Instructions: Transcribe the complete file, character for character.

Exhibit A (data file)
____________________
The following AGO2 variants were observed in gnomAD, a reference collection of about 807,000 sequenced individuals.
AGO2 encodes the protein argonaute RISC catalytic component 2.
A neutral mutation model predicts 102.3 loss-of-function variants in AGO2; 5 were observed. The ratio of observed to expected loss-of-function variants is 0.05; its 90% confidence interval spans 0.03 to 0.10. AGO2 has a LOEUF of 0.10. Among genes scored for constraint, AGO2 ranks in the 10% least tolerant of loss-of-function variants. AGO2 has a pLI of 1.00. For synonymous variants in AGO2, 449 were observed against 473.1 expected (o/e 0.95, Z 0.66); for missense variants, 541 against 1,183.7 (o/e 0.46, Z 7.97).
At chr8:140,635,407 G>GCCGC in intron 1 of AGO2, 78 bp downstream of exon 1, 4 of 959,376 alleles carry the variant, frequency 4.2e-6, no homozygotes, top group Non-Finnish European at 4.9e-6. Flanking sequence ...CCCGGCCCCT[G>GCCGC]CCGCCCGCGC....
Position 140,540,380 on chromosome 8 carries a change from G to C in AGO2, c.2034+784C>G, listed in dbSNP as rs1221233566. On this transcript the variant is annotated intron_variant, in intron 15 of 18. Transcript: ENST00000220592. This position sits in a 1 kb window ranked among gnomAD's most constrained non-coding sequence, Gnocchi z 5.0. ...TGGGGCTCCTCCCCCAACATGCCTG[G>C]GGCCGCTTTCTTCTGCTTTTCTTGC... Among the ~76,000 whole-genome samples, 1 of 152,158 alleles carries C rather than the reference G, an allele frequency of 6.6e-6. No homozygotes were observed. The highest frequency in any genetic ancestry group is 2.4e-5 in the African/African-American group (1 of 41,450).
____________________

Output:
The following AGO2 variants were observed in gnomAD, a reference collection of about 807,000 sequenced individuals.
AGO2 encodes the protein argonaute RISC catalytic component 2.
A neutral mutation model predicts 102.3 loss-of-function variants in AGO2; 5 were observed. The ratio of observed to expected loss-of-function variants is 0.05; its 90% confidence interval spans 0.03 to 0.10. AGO2 has a LOEUF of 0.10. Among genes scored for constraint, AGO2 ranks in the 10% least tolerant of loss-of-function variants. AGO2 has a pLI of 1.00. For synonymous variants in AGO2, 449 were observed against 473.1 expected (o/e 0.95, Z 0.66); for missense variants, 541 against 1,183.7 (o/e 0.46, Z 7.97).
At chr8:140,635,407 G>GCCGC in intron 1 of AGO2, 78 bp downstream of exon 1, 4 of 959,376 alleles carry the variant, frequency 4.2e-6, no homozygotes, top group Non-Finnish European at 4.9e-6. Flanking sequence ...CCCGGCCCCT[G>GCCGC]CCGCCCGCGC....
Position 140,540,380 on chromosome 8 carries a change from G to C in AGO2, c.2034+784C>G, listed in dbSNP as rs1221233566. On this transcript the variant is annotated intron_variant, in intron 15 of 18. Transcript: ENST00000220592. This position sits in a 1 kb window ranked among gnomAD's most constrained non-coding sequence, Gnocchi z 5.0. ...TGGGGCTCCTCCCCCAACATGCCTG[G>C]GGCCGCTTTCTTCTGCTTTTCTTGC... Among the ~76,000 whole-genome samples, 1 of 152,158 alleles carries C rather than the reference G, an allele frequency of 6.6e-6. No homozygotes were observed. The highest frequency in any genetic ancestry group is 2.4e-5 in the African/African-American group (1 of 41,450).